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Thread: UFC's Dan Hardy - Shaolin Temple trained!

  1. #1
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    UFC's Dan Hardy - Shaolin Temple trained!

    This is a long interview. I'm just going to cut&paste the Shaolin part.

    Confessions of a Shopaholic: Dan Hardy talks Mike Swick, Shaolin monks and his affinity for shopping
    November 8, 11:39 PM

    “They (UFC) put the heads on the chopping block and I keep taking them off.”

    I’m willing to bet that you wouldn’t think this quote came from a aspiring artist who happens to love to shop, play video games, and train with Shaolin Monks? OK, well maybe the latter.

    But that is exactly the way Dan “The Outlaw” Hardy likes it. He likes being unassuming. Forget the colored Mohawk and the vicious striking prowess--this resident of Nottingham, England is a true renaissance man.

    Hardy (22-6-1) burst on to the MMA scene at UFC 89 defeating PRIDE FC legend Akihiro Gono in a bloody war that saw the judges award a split decision to the flamboyant Brit. Since that time he has built a steady following of MMA fans, walking that fine line between underground legend and full blown superstar. A line that Hardy walks with immaculate precision. And in an era of “making it rain” at strip clubs and charging for signatures, Dan Hardy prefers to stay in with his girlfriend and take in a movie, or maybe play a little Xbox--all the while taking time out for the people who made him what he is today, the fans. “The Outlaw” is a fighter who likes to stay close to his fans, often times taking time off on the eve of a fight just to say, “thank you“ to the fans who make it all possible--a man who recognizes the importance of “keeping it real.”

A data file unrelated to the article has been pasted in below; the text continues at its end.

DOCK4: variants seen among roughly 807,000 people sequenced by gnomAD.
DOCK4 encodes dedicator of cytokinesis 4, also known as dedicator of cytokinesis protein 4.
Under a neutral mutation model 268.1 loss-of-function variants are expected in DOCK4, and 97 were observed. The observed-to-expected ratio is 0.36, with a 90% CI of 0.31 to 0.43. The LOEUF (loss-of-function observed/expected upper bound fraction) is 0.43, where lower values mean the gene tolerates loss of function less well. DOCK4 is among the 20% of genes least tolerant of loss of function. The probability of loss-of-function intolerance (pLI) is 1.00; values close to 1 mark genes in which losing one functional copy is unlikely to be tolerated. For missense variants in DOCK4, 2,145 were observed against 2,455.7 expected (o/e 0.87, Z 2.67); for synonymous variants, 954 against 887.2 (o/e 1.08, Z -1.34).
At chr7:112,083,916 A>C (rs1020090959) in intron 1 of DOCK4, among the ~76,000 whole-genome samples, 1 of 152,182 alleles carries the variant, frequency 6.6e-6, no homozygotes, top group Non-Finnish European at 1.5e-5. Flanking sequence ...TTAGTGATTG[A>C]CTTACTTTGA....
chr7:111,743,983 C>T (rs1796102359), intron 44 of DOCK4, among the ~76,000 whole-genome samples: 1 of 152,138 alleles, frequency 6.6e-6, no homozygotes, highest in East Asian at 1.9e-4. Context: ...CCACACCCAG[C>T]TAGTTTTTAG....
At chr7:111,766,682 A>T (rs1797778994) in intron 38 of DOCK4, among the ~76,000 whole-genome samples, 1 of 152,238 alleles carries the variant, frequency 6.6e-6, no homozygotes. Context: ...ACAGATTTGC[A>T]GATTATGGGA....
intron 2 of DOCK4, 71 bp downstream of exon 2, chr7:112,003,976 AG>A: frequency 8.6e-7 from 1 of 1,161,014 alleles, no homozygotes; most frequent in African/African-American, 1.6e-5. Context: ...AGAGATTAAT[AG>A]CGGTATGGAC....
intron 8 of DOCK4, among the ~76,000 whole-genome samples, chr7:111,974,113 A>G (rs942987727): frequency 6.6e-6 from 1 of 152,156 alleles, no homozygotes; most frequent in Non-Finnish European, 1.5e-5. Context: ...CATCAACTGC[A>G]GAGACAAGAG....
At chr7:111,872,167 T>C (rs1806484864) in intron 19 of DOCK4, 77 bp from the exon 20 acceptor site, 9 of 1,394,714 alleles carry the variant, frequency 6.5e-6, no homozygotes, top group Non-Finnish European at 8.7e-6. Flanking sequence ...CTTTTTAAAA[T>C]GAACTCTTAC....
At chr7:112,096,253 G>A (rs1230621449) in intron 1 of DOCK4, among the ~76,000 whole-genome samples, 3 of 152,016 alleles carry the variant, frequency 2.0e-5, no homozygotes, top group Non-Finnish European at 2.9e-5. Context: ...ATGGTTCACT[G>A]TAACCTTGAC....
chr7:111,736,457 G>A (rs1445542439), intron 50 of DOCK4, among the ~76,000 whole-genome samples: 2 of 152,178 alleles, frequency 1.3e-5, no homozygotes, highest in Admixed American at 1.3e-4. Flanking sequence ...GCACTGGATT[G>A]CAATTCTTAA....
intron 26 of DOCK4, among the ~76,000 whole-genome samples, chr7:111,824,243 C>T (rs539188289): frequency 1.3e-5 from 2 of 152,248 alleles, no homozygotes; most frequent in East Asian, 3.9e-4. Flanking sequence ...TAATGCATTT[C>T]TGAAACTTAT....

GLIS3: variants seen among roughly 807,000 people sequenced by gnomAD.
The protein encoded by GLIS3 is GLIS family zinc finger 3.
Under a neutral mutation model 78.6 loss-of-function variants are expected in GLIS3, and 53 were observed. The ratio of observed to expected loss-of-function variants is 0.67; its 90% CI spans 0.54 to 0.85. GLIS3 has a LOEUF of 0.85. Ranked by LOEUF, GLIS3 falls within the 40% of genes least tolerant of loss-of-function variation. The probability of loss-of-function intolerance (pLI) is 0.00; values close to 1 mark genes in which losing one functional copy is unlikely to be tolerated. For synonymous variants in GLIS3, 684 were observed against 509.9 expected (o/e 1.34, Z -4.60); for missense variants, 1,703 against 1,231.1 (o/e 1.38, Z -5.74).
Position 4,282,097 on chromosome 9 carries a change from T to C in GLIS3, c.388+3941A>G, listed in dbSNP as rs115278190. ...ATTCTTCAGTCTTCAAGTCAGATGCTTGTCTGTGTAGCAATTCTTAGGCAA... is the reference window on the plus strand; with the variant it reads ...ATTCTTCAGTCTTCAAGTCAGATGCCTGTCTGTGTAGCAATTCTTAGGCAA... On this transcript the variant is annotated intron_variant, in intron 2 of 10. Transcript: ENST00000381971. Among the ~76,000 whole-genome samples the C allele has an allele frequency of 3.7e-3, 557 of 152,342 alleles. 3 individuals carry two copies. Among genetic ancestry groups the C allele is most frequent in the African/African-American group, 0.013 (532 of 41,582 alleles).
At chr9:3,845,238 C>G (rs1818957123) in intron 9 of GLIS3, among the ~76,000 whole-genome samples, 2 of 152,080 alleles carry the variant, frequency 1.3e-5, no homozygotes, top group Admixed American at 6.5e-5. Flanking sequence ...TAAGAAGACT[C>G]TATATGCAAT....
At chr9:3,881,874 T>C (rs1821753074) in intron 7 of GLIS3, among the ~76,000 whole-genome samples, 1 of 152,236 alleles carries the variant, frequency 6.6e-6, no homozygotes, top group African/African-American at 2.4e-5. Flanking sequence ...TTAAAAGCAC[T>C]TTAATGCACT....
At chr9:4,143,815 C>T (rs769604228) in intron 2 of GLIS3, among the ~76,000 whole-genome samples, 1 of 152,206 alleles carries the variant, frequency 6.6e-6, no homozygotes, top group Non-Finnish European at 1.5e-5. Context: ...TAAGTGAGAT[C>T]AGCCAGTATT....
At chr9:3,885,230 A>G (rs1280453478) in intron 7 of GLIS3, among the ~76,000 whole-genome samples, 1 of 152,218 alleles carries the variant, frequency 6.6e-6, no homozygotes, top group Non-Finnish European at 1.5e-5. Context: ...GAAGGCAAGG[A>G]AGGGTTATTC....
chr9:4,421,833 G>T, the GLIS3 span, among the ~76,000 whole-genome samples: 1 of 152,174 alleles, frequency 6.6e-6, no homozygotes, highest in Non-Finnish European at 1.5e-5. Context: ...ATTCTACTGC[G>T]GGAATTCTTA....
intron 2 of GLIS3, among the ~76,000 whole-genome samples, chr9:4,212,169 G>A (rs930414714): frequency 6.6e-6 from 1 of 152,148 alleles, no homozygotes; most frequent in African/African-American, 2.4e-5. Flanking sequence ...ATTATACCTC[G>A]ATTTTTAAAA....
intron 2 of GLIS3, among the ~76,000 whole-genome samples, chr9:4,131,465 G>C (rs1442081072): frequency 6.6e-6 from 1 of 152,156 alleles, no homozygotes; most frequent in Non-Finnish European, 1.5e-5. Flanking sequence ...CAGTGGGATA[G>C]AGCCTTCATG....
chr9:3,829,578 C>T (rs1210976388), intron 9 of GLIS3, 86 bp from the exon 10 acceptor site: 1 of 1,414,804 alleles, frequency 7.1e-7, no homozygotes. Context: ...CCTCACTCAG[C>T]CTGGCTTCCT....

In just about a week Hardy will be facing his toughest opponent to date in Mike Swick (14-2), at UFC 105 in Manchester, England. “Quick” Swick is by far the most dangerous opponent Hardy has ever faced, and with a title shot on the line, he is also his most important. In this exclusive Q and A learn what makes Dan tick. What he enjoys doing (shopping?!) in his time off, and just what it was like training with the legendary Shaolin Monks in northern China.

    ...


    (Examiner.com): Well here is what I’ve wanted to personally ask you about for a long time--the Shaolin Monks. How did a lanky kid from Britain get to train with some of the most polarizing figures in the history of Martial Arts. I mean we are talking thousands of years here man. Just talk about how you got there, what happened when you were there, and what you learned.